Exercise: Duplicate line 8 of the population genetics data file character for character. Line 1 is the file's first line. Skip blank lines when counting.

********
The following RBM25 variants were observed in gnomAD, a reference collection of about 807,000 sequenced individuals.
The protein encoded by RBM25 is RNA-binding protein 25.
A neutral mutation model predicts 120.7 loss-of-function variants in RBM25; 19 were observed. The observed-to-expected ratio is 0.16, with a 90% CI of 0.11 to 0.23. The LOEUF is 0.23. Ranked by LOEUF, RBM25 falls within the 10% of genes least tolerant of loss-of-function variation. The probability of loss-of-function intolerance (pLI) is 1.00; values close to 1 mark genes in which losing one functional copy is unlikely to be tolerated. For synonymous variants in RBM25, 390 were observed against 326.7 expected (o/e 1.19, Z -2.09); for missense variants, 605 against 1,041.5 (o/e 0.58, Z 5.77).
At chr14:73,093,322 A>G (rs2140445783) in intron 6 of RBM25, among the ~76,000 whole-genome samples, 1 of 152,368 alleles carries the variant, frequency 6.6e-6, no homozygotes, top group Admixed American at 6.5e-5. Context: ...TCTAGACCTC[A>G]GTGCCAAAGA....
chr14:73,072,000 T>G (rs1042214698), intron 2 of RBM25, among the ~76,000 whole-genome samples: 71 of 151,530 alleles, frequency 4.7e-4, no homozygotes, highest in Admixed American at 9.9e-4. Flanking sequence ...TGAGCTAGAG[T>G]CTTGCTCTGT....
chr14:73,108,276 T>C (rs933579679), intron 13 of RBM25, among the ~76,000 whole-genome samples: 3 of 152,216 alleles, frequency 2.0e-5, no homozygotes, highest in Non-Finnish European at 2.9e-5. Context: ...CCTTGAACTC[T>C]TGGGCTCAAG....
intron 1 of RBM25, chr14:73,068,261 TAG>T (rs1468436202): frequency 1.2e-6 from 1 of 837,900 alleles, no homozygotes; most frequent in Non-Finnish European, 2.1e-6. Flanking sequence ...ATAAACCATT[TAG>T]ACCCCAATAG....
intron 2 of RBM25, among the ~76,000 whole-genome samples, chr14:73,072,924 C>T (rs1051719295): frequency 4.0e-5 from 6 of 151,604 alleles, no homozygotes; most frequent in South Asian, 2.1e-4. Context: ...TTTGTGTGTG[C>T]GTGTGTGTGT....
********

intron 2 of RBM25, among the ~76,000 whole-genome samples, chr14:73,072,924 C>T (rs1051719295): frequency 4.0e-5 from 6 of 151,604 alleles, no homozygotes; most frequent in South Asian, 2.1e-4. Context: ...TTTGTGTGTG[C>T]GTGTGTGTGT....